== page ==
Sculptures Celebrate the Lineage of the Karmapa

Tergar Monastery, Bodh Gaya, India
7 March, 2016

Each year at the Kagyu Monlam, and continuing afterward in the shrine hall at Tergar Monastery, tall sculpted images known as tormas grace the altars with their lofty elegance. Both new and experienced artists worked for over a month to create these exquisite images. The artists make many of their own tools and spend the first couple of days preparing their colorful wax-butter palette. The wax butter is made from a combination of paraffin, Dalda (a brand of Indian margarine), imported pastry margarine, and oil paint. 

This year the tormas portray all sixteen Karmapas, each one distinct in personality, in the emblems they carry, and in their setting. The central figures of the four elaborately decorated tormas are the First to Third Karmapas and, in harmony with the theme of celebrating the life and deeds of the 16th Karmapa, Rigpe Dorje, he is the main image in the final one. In addition to the Karmapas, each torma depicts a set of traditional offerings, placed below the main image. At the base of the torma, are four powerful animals—a white lion and an ox from the usual world of animals, and the precious horse and precious elephant from the special world of the mandala offerings.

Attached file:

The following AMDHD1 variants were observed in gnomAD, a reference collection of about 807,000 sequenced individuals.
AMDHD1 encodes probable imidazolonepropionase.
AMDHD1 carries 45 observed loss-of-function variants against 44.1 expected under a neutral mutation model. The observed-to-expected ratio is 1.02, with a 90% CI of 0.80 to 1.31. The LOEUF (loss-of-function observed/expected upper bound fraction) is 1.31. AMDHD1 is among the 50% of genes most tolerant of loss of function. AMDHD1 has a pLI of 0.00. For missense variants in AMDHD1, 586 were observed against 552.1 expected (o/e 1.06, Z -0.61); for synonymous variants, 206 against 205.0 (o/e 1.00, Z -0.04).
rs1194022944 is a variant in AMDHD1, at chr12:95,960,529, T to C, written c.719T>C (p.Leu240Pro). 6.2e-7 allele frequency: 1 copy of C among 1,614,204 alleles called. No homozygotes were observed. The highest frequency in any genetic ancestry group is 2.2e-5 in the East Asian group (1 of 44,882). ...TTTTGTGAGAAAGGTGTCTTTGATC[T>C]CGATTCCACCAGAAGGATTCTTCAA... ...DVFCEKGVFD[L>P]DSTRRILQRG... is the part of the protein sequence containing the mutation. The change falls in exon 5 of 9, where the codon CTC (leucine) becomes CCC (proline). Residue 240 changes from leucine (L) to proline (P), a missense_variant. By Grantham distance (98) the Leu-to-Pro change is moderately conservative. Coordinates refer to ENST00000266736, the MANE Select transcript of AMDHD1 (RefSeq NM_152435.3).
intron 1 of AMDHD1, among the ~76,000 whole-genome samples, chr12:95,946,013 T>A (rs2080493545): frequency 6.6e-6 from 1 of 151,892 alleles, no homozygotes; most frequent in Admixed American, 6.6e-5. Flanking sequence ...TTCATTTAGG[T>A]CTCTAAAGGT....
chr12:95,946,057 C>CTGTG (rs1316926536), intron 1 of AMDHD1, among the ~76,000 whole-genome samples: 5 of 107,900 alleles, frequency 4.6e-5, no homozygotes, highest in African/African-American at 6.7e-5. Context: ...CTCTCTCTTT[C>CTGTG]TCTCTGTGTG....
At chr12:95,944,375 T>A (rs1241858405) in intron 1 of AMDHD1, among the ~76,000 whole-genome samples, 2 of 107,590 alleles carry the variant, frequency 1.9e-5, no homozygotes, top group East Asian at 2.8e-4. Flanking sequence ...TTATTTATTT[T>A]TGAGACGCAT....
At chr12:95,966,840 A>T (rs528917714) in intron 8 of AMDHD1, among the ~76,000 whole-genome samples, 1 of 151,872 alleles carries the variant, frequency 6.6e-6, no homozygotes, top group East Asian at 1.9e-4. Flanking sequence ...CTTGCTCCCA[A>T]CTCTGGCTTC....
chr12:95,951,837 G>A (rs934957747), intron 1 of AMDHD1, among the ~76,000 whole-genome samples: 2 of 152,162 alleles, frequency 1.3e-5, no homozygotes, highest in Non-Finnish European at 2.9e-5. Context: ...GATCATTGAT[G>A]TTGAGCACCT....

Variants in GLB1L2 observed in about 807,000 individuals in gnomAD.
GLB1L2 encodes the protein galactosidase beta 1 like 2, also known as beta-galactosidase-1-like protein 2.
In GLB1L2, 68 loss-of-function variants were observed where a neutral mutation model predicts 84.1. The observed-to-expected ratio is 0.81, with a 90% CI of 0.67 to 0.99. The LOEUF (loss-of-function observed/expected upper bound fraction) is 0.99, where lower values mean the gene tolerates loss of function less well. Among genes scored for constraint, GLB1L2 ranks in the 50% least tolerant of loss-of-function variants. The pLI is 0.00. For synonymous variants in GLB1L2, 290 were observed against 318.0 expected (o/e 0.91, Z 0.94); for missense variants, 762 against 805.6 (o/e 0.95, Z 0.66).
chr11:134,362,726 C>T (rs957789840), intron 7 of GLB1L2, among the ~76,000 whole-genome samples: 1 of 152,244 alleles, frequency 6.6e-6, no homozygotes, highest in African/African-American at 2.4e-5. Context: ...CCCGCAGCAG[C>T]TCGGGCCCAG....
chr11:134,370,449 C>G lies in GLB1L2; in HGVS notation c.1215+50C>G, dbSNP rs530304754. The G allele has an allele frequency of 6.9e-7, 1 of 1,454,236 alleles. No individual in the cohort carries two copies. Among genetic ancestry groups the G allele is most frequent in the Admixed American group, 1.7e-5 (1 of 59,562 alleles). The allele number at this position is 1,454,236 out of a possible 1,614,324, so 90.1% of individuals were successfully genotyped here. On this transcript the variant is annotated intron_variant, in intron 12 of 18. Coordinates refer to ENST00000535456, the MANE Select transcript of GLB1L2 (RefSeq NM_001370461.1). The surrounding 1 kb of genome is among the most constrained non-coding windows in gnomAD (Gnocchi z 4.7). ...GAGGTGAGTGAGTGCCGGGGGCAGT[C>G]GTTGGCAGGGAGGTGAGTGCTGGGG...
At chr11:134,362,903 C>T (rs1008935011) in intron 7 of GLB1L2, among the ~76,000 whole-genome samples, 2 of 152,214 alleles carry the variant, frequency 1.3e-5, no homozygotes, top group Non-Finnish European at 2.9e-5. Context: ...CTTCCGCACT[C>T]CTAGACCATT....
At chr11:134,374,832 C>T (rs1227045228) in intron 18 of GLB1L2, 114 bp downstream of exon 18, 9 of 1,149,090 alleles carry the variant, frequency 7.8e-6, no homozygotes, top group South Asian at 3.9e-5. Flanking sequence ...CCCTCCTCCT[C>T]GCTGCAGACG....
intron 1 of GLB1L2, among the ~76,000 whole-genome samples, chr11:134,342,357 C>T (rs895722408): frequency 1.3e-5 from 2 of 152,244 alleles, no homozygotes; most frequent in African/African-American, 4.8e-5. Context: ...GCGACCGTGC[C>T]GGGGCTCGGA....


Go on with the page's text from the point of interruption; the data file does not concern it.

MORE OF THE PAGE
The diagrams below show the arrangement of the images of the Karmapas in the tormas as well as the offerings and the animals.

2016.2.16-22 Sculptures Celebrate the Lineage of the Karmapa 第33屆噶舉大祈願法會.多瑪雕塑特別報導


Popular posts from this blog

Introduction of Kyabje Tenga Rinpoche Yangsi

History in the Making: The First Step Toward Full Ordination for Tibetan Buddhist Nuns

The Historic Revival of Full Ordination for Tibetan Buddhist Nuns

A Request to All My Friends

Some Pictures and more Details

An Amazing Story: Finding the Reincarnation of Tenga Rinpoche Part 1

Sikkim Monks dharna outside BJP office with Karmapa demand - Sikkim Express

Disaster Preparedness Training in Nepal

Ordained Nuns and Their History: The Karmapa Reports

Third Cohort of Nuns Trains to be Health Workers